Summer is the time for fun in the sun, but it’s also when we have to be careful in hot and humid weather. Extreme heat can make us sick not only when we are out overexerting ourselves, but also when we are doing little activity or even just sitting still.
Heat-related illnesses strike when the body is unable to regulate its temperature and cannot properly cool itself by sweating.
“Basically, it is hyperthermia,” explains Janet DuBois, program director of Nurse Practitioner programs at South University — Tampa. “It means your body temperature gets too hot.”
Heat can be deadly. From 1999 to 2003, more than 3,400 deaths resulted from exposure to extreme heat, according to the Centers for Disease Control and Prevention. For 65% of these deaths, exposure to excessive heat was the underlying cause, while hyperthermia was recorded as a contributing factor for the remaining 35%.
“It is critical to pay attention to the signs and symptoms,” DuBois states. “If you feel you are overdoing it, stop and cool down.”
If you see your children getting flush while out playing, stop the activity and cool them off.
Heat sickness can come on gradually in phases:
Heat syncope — A fainting episode of dizziness that usually happens during activities in a hot environment. Dehydration and a lack of acclimatization are factors that might contribute to heat syncope. Symptoms include light-headedness, dizziness, and fainting.
Heat cramps — Cramps that affect people who sweat a lot during strenuous activities. The low salt levels as a result of sweating cause the painful muscle cramps. Symptoms include muscle pain or spasms usually in the hands, arms, legs, and abdomen. DuBois recommends seeking medical attention if the person has heart problems, is on a low-sodium diet, or if the cramps do not subside within an hour.
Heat edema (swelling) — Usually occurs when an unacclimated person is exposed to hot weather. Symptoms include profuse sweating, extreme redness in the face, and swelling in the hands, lower legs, and feet.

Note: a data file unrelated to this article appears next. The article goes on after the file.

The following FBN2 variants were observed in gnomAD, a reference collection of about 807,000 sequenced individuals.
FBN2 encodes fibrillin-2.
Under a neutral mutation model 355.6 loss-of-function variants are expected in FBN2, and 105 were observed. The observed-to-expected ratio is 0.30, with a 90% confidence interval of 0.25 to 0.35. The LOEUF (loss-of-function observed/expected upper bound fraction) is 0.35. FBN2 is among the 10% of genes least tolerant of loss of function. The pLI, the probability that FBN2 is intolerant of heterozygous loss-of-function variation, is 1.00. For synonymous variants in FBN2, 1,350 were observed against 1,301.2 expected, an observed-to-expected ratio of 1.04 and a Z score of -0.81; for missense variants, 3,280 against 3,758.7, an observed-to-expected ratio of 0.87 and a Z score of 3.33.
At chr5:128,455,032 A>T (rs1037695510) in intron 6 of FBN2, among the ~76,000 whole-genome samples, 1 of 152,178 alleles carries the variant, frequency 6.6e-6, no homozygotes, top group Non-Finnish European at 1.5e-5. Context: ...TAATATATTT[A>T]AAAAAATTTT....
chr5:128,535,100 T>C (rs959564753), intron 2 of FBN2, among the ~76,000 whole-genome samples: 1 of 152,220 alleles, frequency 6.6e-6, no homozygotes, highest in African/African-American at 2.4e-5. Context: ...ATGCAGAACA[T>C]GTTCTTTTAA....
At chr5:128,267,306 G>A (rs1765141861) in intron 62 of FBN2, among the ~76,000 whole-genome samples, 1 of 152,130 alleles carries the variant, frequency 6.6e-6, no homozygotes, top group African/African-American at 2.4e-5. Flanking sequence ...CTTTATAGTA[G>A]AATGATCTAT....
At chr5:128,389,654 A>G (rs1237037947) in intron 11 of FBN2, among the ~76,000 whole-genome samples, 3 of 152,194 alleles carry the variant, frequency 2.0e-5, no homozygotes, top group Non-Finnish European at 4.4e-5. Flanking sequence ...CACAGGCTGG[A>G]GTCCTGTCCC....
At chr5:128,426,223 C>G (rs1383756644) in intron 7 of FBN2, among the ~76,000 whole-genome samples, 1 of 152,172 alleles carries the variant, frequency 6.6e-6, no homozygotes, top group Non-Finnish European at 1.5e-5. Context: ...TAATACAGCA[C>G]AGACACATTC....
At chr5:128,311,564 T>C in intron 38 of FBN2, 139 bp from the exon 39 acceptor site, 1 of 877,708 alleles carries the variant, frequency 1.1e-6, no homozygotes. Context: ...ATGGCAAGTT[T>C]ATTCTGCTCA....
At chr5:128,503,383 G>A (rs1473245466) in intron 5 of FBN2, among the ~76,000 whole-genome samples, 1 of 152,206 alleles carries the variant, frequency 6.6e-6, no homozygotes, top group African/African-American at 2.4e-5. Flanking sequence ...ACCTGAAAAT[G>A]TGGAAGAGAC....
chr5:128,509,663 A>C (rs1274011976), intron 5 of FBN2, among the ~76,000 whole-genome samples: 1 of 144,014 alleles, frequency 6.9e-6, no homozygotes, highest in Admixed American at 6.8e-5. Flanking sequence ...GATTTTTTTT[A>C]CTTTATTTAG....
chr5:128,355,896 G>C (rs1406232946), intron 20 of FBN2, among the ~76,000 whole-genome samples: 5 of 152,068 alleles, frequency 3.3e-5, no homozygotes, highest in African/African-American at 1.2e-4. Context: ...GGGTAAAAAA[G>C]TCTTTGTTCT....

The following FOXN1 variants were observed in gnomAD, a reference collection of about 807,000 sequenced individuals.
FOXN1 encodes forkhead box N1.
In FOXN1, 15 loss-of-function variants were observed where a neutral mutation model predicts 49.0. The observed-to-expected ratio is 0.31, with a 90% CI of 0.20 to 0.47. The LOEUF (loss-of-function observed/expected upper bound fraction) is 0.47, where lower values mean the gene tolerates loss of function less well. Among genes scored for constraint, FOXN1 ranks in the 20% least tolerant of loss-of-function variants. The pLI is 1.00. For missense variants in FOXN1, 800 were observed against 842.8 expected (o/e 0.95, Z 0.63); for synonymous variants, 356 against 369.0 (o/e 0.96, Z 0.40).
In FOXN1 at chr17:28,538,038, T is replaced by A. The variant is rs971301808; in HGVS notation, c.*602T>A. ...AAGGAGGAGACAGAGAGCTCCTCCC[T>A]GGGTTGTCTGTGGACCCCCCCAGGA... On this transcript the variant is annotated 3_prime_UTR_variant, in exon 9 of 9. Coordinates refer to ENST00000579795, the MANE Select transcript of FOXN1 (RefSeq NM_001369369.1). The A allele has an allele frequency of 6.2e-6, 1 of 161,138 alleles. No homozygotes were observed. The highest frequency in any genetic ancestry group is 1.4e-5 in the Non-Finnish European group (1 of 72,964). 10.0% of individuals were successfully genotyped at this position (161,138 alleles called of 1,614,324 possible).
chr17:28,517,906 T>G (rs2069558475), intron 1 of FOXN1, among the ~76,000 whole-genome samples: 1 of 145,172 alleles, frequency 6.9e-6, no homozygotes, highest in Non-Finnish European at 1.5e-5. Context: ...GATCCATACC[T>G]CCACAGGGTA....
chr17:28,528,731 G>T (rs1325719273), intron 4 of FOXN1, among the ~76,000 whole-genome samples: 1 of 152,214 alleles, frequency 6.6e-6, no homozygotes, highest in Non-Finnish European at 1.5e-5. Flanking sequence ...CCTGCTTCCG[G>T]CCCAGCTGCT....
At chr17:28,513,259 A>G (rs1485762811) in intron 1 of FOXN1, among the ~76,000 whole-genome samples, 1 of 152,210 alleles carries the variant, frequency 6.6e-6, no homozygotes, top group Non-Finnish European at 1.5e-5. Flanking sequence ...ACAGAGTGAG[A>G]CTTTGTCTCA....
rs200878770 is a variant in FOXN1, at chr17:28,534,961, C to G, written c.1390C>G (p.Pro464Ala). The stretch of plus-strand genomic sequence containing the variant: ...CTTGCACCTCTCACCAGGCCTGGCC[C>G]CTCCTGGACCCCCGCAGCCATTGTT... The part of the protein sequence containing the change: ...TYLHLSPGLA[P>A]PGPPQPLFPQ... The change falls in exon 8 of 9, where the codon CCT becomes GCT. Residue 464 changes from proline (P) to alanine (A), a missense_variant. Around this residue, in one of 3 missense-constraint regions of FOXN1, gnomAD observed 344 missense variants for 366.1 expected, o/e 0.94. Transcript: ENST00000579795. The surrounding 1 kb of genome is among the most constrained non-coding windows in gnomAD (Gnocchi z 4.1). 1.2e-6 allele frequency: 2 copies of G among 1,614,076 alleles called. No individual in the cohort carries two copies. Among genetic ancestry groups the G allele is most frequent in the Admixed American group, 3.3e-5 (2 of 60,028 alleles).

Heat exhaustion — The body’s response to loss of water and sweat, usually through excessive sweating. Symptoms include heavy sweating, extreme weakness and fatigue, dizziness, and clammy skin.
Heat stroke — A medical emergency; body temperature is over 104 degrees orally. Symptoms include confusion and dizziness, hallucinations, throbbing headaches, and chills. Heat stroke can cause death or permanent disability if emergency medical treatment is not given.
DuBois says cooling the body down quickly is an important first step in treating heat-related illnesses. This means first moving the victim to a cool, shaded area. Further treatment can vary depending on the illness; for example, drinking cool water is recommended for treating heat syncope, cramps, edema, and exhaustion, but not recommended for heat stroke.
Those at Higher Risk
Although anyone can suffer from a heat-related illness, young children, older adults, and people with chronic medical conditions are especially at risk.
“Infants’ systems are not as developed, so they don’t have the same ability to control their temperatures as adults do,” DuBois says. “Elderly people are prone to dehydration, so they are at a greater risk of getting heat-related illnesses.”
She adds that parents and caretakers must limit their children’s activities on hot days and stay on the alert for any symptoms of heat sickness.
“If you see your children getting flush while out playing, stop the activity and cool them off,” DuBois advises.
Heat combined with humidity can make for a particularly hazardous situation because humidity slows down the body’s ability to evaporate sweat.
“When there is high humidity, your body never gets a chance to evaporate the sweat,” DuBois says. “People out west can tolerate higher temperatures, say 90 to 95 degrees, but people in Florida may not tolerate more than 80 or 85 degrees because the humidity can be so high there.”
DuBois offers some general tips on preventing heat-related illnesses:
- Drink plenty of non-alcoholic and caffeine-free fluids; drink two to four cups of cool fluids an hour if active.
- Wear light clothing that allows evaporation and heat dissipation. DuBois recommends cool-down clothing that wicks away moisture to keep the body cool and dry in warm conditions, especially for people who are active.
- Stay cool indoors also; use air conditioning and/or electric fans to help circulate the coolness.
- Schedule outdoor activities during the coolest time of day. “If possible, don’t schedule from 11 a.m. to 4 p.m. when it is hottest,” DuBois says.
- Use the buddy system – don’t do anything strenuous alone in the heat.
The information in this article is provided for general information purposes and should not be relied on as a substitute for actual professional medical advice, care, or treatment. You are encouraged to consult with your physician or healthcare provider to obtain professional medical advice.
Author: Darice Britt